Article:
Shani Hamilton Greenlaw has been managing large-scale events for almost eight years now, from NHL outdoor hockey games such as the Winter Classic to the 2020 NFL Super Bowl LIV Opening Night in Miami. It’s no exaggeration to say that Shani has played the field of North American sports event management. She warmly recalls a 2016 baseball game she worked on in North Carolina as one of her favourite events.
The day of the event, she watched as clouds rolled in and the rain began. Seeing lightning on the horizon, she knew that the field’s temporary metal bleachers could turn into an excellent lightning rod if the storm continued. “There were some tense moments during those first hours,” Shani says. “It was pretty nerve-wracking.”
Shani was project & operations supervisor for a huge project – building a regulation baseball diamond, with stands and clubhouses, on an active military base for a one-off regular season Major League Baseball (MLB) game.
“I was supervising everything from the catering, to every stick of furniture including the trainer’s massage tables, managing local labour, and ensuring proper waste management.”
The company Shani works for, BaAM Productions, got the contract to organize the creation of this unique park. MLB wanted to hold a game at Fort Bragg in North Carolina on the July 4th, 2016 weekend to celebrate the American military. It was a first. It was more than ten months in the making. That storm was threatening it all.
“But we just held out a lot of hope,” she says. “The rain ended at a perfect time.”
And the ballgame went ahead. The Miami Marlins defeated the Atlanta Braves 5-2. After almost a month of preparation, Shani and the BaAM team began the work of dismantling the whole park—almost. The field itself was left over as a gift to the service members.
Shani’s experience at Fort Bragg is part of why she loves her job: she gets to connect with people from across the continent.
“Getting to work with a community for over a month is enlightening and eye-opening,” she says. “On that event I was engaging with people from backgrounds that I was not familiar with – the US military in particular. It makes you look at what ideas or biases you may have coming into a team, and learn to navigate working seamlessly alongside folks whose politics may be different but whose goal is the same.”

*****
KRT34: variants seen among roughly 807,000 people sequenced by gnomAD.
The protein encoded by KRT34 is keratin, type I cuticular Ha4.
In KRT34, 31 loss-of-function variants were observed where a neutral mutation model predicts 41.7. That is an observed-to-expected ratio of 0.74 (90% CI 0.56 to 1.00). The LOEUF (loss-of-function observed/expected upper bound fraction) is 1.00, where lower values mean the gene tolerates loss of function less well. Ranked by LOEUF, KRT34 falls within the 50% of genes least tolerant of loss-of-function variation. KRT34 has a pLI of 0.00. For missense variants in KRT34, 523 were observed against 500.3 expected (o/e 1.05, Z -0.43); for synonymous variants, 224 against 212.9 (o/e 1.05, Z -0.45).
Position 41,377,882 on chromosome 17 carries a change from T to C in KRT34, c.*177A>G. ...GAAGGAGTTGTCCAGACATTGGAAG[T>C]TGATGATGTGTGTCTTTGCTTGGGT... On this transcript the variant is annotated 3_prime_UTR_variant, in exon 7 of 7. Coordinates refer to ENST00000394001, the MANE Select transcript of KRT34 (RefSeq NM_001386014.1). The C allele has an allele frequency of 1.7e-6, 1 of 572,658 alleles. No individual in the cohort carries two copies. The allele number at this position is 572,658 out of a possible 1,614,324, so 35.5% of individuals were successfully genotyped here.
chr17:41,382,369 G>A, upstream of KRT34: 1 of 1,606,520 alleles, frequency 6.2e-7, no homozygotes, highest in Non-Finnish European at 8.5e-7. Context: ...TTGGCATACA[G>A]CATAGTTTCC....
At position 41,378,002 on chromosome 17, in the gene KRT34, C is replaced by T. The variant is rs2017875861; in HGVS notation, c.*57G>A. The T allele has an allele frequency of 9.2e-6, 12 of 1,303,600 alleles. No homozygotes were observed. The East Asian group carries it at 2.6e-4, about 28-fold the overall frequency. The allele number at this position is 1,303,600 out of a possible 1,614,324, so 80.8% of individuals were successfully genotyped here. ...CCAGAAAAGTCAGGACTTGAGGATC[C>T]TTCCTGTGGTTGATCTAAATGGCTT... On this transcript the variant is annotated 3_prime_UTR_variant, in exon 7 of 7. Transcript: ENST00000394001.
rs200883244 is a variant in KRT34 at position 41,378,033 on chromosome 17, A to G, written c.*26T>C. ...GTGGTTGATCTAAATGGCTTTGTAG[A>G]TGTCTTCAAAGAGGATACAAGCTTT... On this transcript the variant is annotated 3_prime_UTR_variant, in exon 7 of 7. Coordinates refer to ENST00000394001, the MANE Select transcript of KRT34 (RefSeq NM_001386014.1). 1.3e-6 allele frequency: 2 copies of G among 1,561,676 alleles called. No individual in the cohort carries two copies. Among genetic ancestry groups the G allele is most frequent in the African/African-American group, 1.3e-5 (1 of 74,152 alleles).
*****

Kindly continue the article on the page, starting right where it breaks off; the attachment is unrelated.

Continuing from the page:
Although she has found her place in organizing large-scale sporting events, Shani’s roots are in theatre. While it might seem like an unlikely combination, it’s perfectly natural for Shani, who grew up with one foot in theatre and the other in sports. She credits part of her appreciation of sports and theatre to her parents: her father coached basketball at King’s for many years and her mother Sylvia Hamilton is an artist and public historian.
“I grew up in an interesting balance between both of those worlds, doing sports and theatre,” she laughs. “The audiences may be different but the concepts are the same: they’re both teams and you’re trying to get to a common goal whether it is winning or performing.”
While at King’s studying theatre, Shani got involved in the King’s Theatrical Society (KTS), where she learned over the course of 13 different productions that she “wanted to make make-believe for a living”. After graduating, she learned the ropes as a stage manager by working for Canadian theatrical productions.
“I found my home backstage and just stayed there… a stage manager is the primary communication point for the actors, director, all of the designers and the technicians. The stage manager knows what’s going on with all those groups and communicates with them throughout the whole process.”
And when the play opens the director leaves and the stage manager is in charge.
“I like being part of the magic backstage, knowing all the inner workings of how it’s happening and the audience not knowing how we did it.”
The difference these days is the size of the productions. Shani says: “In a theatre production you might have an audience of 400. Now I am working in football stadiums and baseball stadiums that can hold between 40 and 100 thousand people.”
And while that is, no doubt at all, more complicated, more stressful, it still fits Shani like a glove.
“For those of us who like challenges, getting your adrenaline pumping, managing everything as it’s coming, making everything work—a lot of joy that comes from that. I like creating a well-oiled machine that just works.”
Posted: November 2020